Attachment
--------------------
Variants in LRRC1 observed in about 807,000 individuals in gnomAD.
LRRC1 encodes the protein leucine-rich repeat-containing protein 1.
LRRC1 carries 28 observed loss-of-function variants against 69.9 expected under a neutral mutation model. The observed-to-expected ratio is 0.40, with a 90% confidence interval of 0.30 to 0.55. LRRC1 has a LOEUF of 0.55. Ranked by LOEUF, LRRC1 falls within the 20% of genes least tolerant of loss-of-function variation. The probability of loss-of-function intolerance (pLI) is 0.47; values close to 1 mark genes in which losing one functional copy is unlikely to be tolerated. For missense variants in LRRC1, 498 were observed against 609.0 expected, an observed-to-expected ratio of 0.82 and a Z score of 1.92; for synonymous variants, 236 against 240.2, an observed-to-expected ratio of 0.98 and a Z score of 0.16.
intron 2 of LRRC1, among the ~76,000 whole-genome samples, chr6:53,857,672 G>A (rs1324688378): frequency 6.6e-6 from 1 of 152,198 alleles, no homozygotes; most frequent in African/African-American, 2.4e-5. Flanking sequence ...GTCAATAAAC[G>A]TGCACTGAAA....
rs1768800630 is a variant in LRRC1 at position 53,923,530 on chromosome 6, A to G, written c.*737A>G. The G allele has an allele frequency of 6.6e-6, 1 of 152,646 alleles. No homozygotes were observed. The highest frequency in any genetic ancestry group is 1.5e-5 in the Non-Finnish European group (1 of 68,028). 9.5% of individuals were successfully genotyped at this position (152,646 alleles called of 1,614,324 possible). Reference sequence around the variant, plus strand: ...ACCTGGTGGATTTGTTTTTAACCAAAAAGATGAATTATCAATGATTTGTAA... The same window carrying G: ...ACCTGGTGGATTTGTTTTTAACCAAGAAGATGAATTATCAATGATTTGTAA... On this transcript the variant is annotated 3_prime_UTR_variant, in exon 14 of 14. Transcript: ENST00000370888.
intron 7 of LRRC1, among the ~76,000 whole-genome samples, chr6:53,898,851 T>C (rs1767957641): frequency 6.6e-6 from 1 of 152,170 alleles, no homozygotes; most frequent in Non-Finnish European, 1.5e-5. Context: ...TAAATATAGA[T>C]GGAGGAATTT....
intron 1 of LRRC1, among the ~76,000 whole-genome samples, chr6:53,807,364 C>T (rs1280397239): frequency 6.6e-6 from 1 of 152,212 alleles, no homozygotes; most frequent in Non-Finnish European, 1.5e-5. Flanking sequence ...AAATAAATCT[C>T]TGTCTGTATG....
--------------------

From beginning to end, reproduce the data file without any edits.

Variants in LRRC1 observed in about 807,000 individuals in gnomAD.
LRRC1 encodes the protein leucine-rich repeat-containing protein 1.
LRRC1 carries 28 observed loss-of-function variants against 69.9 expected under a neutral mutation model. The observed-to-expected ratio is 0.40, with a 90% confidence interval of 0.30 to 0.55. LRRC1 has a LOEUF of 0.55. Ranked by LOEUF, LRRC1 falls within the 20% of genes least tolerant of loss-of-function variation. The probability of loss-of-function intolerance (pLI) is 0.47; values close to 1 mark genes in which losing one functional copy is unlikely to be tolerated. For missense variants in LRRC1, 498 were observed against 609.0 expected, an observed-to-expected ratio of 0.82 and a Z score of 1.92; for synonymous variants, 236 against 240.2, an observed-to-expected ratio of 0.98 and a Z score of 0.16.
intron 2 of LRRC1, among the ~76,000 whole-genome samples, chr6:53,857,672 G>A (rs1324688378): frequency 6.6e-6 from 1 of 152,198 alleles, no homozygotes; most frequent in African/African-American, 2.4e-5. Flanking sequence ...GTCAATAAAC[G>A]TGCACTGAAA....
rs1768800630 is a variant in LRRC1 at position 53,923,530 on chromosome 6, A to G, written c.*737A>G. The G allele has an allele frequency of 6.6e-6, 1 of 152,646 alleles. No homozygotes were observed. The highest frequency in any genetic ancestry group is 1.5e-5 in the Non-Finnish European group (1 of 68,028). 9.5% of individuals were successfully genotyped at this position (152,646 alleles called of 1,614,324 possible). Reference sequence around the variant, plus strand: ...ACCTGGTGGATTTGTTTTTAACCAAAAAGATGAATTATCAATGATTTGTAA... The same window carrying G: ...ACCTGGTGGATTTGTTTTTAACCAAGAAGATGAATTATCAATGATTTGTAA... On this transcript the variant is annotated 3_prime_UTR_variant, in exon 14 of 14. Transcript: ENST00000370888.
intron 7 of LRRC1, among the ~76,000 whole-genome samples, chr6:53,898,851 T>C (rs1767957641): frequency 6.6e-6 from 1 of 152,170 alleles, no homozygotes; most frequent in Non-Finnish European, 1.5e-5. Context: ...TAAATATAGA[T>C]GGAGGAATTT....
intron 1 of LRRC1, among the ~76,000 whole-genome samples, chr6:53,807,364 C>T (rs1280397239): frequency 6.6e-6 from 1 of 152,212 alleles, no homozygotes; most frequent in Non-Finnish European, 1.5e-5. Flanking sequence ...AAATAAATCT[C>T]TGTCTGTATG....